The weather was calm off the coast of the Gallipoli Peninsula (now part of modern-day Turkey) on the night of 24-25 April. Some 40,000 Ottoman troops were on the peninsula, and another 30,000 were nearby.
On that morning the men of the Australian 1st Division’s 3rd Brigade (the 9th, 10th, 11th and 12th Battalions) were the first to go ashore. Before dawn they left their transport ships, climbed into row boats and were towed towards the shore. At 4.29 am the first of the row boats landed on the shore, and almost immediately the Ottoman’s opened fire. The terrain that greeted them was a narrow beach where steep hills met the water, and the Ottoman forces fired down upon them from these hills.
The order was for the troops to push forward towards the third ridge – the target for the first day.
Within 15 minutes some had reached the top of the first ridge point.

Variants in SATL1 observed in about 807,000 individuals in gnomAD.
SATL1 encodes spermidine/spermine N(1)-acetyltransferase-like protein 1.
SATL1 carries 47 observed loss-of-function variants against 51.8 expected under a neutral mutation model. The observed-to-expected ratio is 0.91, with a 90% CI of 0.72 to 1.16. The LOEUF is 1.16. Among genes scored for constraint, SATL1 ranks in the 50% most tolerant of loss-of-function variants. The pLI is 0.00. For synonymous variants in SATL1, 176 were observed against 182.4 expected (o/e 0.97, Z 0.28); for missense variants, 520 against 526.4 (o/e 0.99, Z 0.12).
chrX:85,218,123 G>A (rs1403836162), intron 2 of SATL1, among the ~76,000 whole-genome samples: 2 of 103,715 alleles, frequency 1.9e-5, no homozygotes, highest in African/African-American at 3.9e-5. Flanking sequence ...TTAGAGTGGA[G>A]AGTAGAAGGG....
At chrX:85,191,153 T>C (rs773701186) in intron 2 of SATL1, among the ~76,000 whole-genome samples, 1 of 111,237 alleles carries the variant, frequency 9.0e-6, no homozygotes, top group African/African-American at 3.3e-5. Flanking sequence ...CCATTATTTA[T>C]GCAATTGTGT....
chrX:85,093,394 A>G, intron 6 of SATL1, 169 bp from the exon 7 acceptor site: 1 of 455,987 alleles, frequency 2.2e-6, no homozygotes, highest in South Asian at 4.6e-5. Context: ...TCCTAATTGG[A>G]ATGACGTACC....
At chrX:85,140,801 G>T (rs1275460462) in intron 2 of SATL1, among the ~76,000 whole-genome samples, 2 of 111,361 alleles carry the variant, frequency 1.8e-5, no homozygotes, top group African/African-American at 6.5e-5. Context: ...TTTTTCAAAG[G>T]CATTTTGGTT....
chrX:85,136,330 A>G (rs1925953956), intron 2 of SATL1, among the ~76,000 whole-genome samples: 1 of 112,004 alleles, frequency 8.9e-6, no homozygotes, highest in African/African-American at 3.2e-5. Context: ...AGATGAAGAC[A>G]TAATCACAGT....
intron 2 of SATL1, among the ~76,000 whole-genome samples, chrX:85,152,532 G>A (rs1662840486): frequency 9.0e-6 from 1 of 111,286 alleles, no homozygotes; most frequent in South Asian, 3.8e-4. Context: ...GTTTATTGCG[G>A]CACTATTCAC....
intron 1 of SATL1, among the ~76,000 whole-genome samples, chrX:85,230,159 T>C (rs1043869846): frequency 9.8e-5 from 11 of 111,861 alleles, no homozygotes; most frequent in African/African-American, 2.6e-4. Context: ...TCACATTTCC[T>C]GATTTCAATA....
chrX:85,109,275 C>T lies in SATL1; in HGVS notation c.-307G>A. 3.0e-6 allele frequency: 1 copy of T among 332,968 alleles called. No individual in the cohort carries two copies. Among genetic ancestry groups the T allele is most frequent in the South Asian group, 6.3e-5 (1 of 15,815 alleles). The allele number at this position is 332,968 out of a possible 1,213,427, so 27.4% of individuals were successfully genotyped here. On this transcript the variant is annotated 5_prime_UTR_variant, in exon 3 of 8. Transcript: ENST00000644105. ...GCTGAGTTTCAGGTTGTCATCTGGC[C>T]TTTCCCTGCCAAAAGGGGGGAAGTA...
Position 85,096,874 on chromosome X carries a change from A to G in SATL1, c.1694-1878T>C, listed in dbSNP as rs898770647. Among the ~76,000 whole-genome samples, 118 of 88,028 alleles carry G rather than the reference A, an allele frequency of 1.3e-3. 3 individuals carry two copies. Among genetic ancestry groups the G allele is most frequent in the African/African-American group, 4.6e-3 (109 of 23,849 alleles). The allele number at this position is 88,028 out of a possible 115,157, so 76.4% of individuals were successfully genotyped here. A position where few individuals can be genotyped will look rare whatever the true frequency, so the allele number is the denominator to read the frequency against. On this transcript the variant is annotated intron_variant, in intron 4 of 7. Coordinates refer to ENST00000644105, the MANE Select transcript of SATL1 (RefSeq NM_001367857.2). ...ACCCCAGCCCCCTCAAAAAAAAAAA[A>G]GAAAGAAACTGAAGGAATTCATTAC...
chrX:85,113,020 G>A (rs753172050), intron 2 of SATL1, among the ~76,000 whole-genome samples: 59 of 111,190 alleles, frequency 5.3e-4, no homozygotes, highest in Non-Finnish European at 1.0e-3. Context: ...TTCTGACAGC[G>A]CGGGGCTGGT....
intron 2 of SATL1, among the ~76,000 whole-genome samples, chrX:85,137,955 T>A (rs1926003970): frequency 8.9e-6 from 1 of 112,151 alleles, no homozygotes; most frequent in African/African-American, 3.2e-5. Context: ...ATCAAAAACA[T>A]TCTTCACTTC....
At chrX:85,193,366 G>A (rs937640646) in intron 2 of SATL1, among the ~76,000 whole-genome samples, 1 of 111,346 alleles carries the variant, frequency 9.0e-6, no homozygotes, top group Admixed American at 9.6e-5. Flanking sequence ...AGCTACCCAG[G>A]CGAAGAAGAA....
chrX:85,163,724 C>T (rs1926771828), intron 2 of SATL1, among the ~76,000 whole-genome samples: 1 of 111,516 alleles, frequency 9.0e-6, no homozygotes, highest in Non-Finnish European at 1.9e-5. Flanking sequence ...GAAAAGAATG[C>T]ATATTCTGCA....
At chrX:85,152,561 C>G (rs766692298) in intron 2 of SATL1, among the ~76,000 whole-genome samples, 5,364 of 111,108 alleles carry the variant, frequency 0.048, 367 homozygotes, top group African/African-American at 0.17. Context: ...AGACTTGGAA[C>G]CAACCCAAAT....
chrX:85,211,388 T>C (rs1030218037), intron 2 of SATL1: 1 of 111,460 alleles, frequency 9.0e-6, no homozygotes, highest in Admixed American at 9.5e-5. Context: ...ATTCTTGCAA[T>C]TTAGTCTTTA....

The second wave of Australian soldiers was now arriving onshore, and with the element of surprise now gone, they were met with heavy fire. Upon landing, they too began to fight their way up the hills towards their objective.
At 5.30am, the commander of the 3rd Brigade, Sinclair-MacLagan made an assessment that the third ridge was too distant to capture immediately and decided to consolidate his troops on the second ridge.
Casualties from the landing and the first day’s fighting were significant. It was difficult to set up casualty clearing stations that were protected from enemy fire and there was enormous pressure on stretcher bearers, who lacked adequate equipment and the suffering of the wounded was significant. About 2000 wounded were evacuated overnight on 25-26 April.
Over the following days, the Ottomans launched a number of counter-attacks, but the Anzacs held their positions. On 1 May, four Battalions from the Royal Naval Division had come ashore as reinforcements, and the exhausted Anzacs were about to withdraw and regroup.
Meanwhile, the Ottoman forces, under Mustafa Kemal (Ataturk) responded with reinforcements and repositioning of artillery.
CEW Bean noted that South Australians Arthur Blackburn and Philip Robin probably penetrated further inland than anyone else on that day